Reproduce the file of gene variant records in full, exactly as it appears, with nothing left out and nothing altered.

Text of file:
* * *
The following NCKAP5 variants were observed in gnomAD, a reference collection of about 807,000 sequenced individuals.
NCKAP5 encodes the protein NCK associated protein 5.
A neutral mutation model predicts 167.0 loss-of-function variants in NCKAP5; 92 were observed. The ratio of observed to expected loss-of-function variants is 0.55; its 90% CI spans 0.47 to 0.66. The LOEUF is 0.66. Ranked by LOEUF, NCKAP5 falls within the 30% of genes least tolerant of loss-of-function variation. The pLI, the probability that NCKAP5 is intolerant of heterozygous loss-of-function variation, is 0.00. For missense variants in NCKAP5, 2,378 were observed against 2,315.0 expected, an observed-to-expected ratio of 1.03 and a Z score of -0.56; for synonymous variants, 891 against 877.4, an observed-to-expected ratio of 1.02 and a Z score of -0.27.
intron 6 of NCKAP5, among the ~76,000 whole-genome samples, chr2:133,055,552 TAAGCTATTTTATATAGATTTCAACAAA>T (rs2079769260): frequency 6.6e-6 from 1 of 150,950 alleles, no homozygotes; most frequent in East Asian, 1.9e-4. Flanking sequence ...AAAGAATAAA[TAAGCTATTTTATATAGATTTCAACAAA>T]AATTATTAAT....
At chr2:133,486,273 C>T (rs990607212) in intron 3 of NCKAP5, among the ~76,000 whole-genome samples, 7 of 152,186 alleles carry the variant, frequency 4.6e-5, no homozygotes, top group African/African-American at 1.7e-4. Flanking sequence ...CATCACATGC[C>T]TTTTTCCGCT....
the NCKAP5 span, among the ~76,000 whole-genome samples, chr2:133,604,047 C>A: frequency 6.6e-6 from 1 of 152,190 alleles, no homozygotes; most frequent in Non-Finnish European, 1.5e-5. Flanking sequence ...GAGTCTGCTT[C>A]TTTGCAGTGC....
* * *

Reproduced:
The following NCKAP5 variants were observed in gnomAD, a reference collection of about 807,000 sequenced individuals.
NCKAP5 encodes the protein NCK associated protein 5.
A neutral mutation model predicts 167.0 loss-of-function variants in NCKAP5; 92 were observed. The ratio of observed to expected loss-of-function variants is 0.55; its 90% CI spans 0.47 to 0.66. The LOEUF is 0.66. Ranked by LOEUF, NCKAP5 falls within the 30% of genes least tolerant of loss-of-function variation. The pLI, the probability that NCKAP5 is intolerant of heterozygous loss-of-function variation, is 0.00. For missense variants in NCKAP5, 2,378 were observed against 2,315.0 expected, an observed-to-expected ratio of 1.03 and a Z score of -0.56; for synonymous variants, 891 against 877.4, an observed-to-expected ratio of 1.02 and a Z score of -0.27.
intron 6 of NCKAP5, among the ~76,000 whole-genome samples, chr2:133,055,552 TAAGCTATTTTATATAGATTTCAACAAA>T (rs2079769260): frequency 6.6e-6 from 1 of 150,950 alleles, no homozygotes; most frequent in East Asian, 1.9e-4. Flanking sequence ...AAAGAATAAA[TAAGCTATTTTATATAGATTTCAACAAA>T]AATTATTAAT....
At chr2:133,486,273 C>T (rs990607212) in intron 3 of NCKAP5, among the ~76,000 whole-genome samples, 7 of 152,186 alleles carry the variant, frequency 4.6e-5, no homozygotes, top group African/African-American at 1.7e-4. Flanking sequence ...CATCACATGC[C>T]TTTTTCCGCT....
the NCKAP5 span, among the ~76,000 whole-genome samples, chr2:133,604,047 C>A: frequency 6.6e-6 from 1 of 152,190 alleles, no homozygotes; most frequent in Non-Finnish European, 1.5e-5. Flanking sequence ...GAGTCTGCTT[C>A]TTTGCAGTGC....